Obstacle racing is set to replace equestrian in the modern pentathlon event despite strong opposition from athletes.
Under pressure to remove horses from the event, modern pentathlon will test obstacle racing as a replacement. If approved, the new discipline, which will be alongside fencing, swimming, running and shooting, will be added to the sport after the 2024 Paris Olympics and in time for the 2028 Los Angeles Games.
UIPM, the modern pentathlon’s governing body, said that it received “over 60 proposals” and will test two types of obstacle racing starting after the World Cup finals in late June.
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This means changing the sport that has been a core part of Olympic history for over a century.
The decision was taken by a focus group of 26 athletes, claims the UIPM.
“After many months of detailed talks we are on the brink of a landmark decision that would change the history of modern pentathlon forever,” said Yasser Hefny, chairman of the UIPM athletes committee.
“While we still have specifics to finalise, we have a new and exceptional opportunity to grow and give visibility to our sport for the benefit of many generations to come, and that’s very exciting.”
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The jumping portion was strongly encouraged by the IOC’s president, Thomas Bach, to be removed after an incident of horse abuse at the Tokyo Olympics last year when a horse was punched by a German coach.
The horse, Saint Boy, refused to jump, leaving German athlete Annika Schleu in tears as hopes of gold slipped away. Her coach, Kim Raisner, was sent home from the Olympics for striking the animal. "Her actions were deemed to be in violation of the UIPM competition rules," said the governing body.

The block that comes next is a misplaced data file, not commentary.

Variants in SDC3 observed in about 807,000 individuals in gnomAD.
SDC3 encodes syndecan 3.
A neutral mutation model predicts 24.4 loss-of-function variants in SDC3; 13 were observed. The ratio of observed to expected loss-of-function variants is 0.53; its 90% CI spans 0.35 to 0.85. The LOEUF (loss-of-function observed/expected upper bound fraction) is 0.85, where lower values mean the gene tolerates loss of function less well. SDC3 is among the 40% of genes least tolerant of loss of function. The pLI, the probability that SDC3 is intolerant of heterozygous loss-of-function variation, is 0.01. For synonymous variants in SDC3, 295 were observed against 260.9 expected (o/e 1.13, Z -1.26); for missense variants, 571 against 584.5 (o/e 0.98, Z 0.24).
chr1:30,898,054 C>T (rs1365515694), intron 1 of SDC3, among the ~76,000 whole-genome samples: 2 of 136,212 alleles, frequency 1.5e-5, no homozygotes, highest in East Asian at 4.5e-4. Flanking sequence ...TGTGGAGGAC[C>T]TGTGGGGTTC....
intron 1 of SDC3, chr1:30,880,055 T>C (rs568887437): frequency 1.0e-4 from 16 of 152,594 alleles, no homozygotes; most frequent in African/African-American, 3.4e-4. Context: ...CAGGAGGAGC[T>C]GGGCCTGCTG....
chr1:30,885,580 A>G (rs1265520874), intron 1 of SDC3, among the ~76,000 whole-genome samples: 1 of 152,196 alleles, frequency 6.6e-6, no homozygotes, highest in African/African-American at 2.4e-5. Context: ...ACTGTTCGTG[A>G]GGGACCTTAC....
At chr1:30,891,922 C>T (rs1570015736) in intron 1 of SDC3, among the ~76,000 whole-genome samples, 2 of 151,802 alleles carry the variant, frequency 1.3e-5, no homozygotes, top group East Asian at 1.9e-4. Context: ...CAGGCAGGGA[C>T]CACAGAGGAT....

Despite the incident, the change has proven to be unpopular amongst athletes, as, according to them, the UIPM has provoked confusion while handling the process. A poll by Pentathlon United, an independent athlete that acts as a “voice for all pentathletes”, showed that over 95% of athletes were displeased with the way the UIPM has gone about the change.
Joe Choong and Kate French, the two Team Great Britain athletes who won gold at the event in 2020, were among hundreds of athletes who signed a motion of no confidence and asked the UIPM president and his executive board to resign.
Another Team GB athlete made her voice heard as Kate Allenby, who won bronze at the Sydney Olympics, said that the news, while disappointing, was not surprising.
“We’ve long suspected that the obstacle course was at the forefront of the UIPM executive board’s agenda in replacing riding," Allenby said.
“The decision to only test OCR [obstacle course racing] and not any of the other apparent 60 options they considered just highlights this further. We repeat our call for the IOC to intervene.”
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